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My PIN number is 8+ numbers long, and to my chagrin, I discovered in 2006 that most ATMs in Europe didn't accept anything more than 6, and most accepted only 4. I'm not sure if things have changed since then, but in the 5 countries I was in, the only ATM that accepted 8 was in Amsterdam, near the end of my trip.

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This happened to me, too. For once, carrying travelers checks came in handy.

In Turkey, most ATMs accept my extra-long PIN, but very few have UIs designed to fit more than 4 digits. On many of them, the digits will continue outside of the form field and sometimes all the way off the screen.

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I ran into the same issue while traveling in South America. Some ATMs would not work at all with my 8+ PIN.

Strangely, there was one ATM that accepted 4 digits and then automatically continued to verification of the PIN. I never got a chance to enter the rest of the digits, but it still passed verification and allowed me to withdraw.

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Did machines just reject your pin, or did they accept the first 4-6 digits?

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This happened to me in the United States.

I had a 8 digit PIN, but only the first 4 mattered to the ATM. The screen would blink after the first 4 numbers, too, to help you notice you already had it.

Then two weird things:

1. The bank got bought by someone else, and the new bank demanded 6 digits. I had stopped using anything past the first 4, but they were still the first six from the original form I filled out years earlier.

2. They sent me my full PIN in the mail. At first I was surprised by this, since one-way-hash and all that jazz, but on reflection one-way hashing a six-digit PIN is pretty silly.

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I don't get why banks restrict the number of digits of a pin. The bank I'm with limits your pin to 4 digits.

Is it a usability issue, or don't they realise that more digits means more pin options?

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On the other hand, my bank only allows 4, and when I go overseas, I sometimes can't use my card at all because they require at least 5/6/8.

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I wonder if you could prepend your PIN with 0's. If the input is interpreted as a number, it might work. If they cast it to a string, it probably wouldn't.

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I've been using 10 in Canada for several years now. I initially carried cash on me as I expected it not to work at a lot of places... So far I've only had one issue which was at a parkade. The payment machine only accepted six digits on debit cards.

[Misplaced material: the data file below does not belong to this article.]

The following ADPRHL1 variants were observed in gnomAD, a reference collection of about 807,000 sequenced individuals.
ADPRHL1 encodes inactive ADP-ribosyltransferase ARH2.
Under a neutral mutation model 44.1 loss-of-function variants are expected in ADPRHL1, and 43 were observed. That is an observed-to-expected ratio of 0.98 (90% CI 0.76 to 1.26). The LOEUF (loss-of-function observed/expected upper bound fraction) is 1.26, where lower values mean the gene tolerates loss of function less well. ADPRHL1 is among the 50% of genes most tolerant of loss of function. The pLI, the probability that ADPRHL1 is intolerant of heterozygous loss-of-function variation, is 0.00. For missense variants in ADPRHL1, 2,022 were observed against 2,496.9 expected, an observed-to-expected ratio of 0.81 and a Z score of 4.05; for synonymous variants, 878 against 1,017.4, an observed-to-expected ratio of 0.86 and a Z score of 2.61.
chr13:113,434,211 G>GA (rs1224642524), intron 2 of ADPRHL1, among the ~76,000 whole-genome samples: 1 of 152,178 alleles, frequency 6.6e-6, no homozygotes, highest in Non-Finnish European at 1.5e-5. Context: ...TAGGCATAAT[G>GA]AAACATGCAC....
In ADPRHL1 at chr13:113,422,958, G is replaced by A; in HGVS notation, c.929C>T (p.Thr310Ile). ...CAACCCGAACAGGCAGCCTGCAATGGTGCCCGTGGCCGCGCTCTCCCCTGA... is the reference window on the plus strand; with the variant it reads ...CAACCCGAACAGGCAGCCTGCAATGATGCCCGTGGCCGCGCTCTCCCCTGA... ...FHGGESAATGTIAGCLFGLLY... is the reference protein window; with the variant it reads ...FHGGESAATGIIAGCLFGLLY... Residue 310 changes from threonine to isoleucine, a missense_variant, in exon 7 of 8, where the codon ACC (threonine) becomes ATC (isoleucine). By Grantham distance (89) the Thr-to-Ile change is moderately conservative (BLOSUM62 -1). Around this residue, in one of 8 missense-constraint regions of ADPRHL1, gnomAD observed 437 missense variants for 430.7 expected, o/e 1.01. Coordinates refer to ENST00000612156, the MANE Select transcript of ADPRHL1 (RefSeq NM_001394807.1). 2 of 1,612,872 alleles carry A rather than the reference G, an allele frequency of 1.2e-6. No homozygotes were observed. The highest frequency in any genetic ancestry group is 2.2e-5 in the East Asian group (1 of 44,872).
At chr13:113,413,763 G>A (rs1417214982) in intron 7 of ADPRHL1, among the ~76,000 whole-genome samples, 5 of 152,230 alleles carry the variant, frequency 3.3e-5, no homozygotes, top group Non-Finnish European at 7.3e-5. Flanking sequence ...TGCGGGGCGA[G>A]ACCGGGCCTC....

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1-2-3-4-5? That's amazing. I've got the same combination on my luggage.

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High five for using 'PIN numbers' and not caring about repeating the word 'numbers'. That'll probably drive some people nuts, but not me!

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In this case it actually works because he's looking at the 'numbers behind the PINs' :)

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Blame the people who coined the initialism, not the public who uses it the way that sounds best.

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I just call them PI /pɪ/ numbers!

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The title is wrong and very misleading. There is no single mention of "bank" in the linked post. Hell, it even says that it was collected from random password leaks. It says

Given that users have a free choice for their password, ifusers select a four digit password to their online account, it’s not a stretch to use this as a proxy for four digit PIN codes.

but I highly disagree with that extrapolation.

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  > but I highly disagree with that extrapolation.
That's great, but your counter-claim isn't obvious at all. So please elaborate. Are you alluding to banks generally setting people's PINs for them, using more appropriate distributions? Or, God forbid, do you believe that users are more careful when picking sensitive PINs?

I have serious doubts about the latter.

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Are you alluding to banks generally setting people's PINs for them, using more appropriate distributions? Or, God forbid, do you believe that users are more careful when picking sensitive PINs?

Well yes, of course.

Firstly, Banks do set the pin first, and the vast majority of people probably never change it.

On your second point, for a bank I would pick a complicated pin and/or password, for some throwaway website/app/game account I'd choose something simpler and easy to remember, many people probably use the same pin for loads of services, but wouldn't use it for their bank for obvious reasons.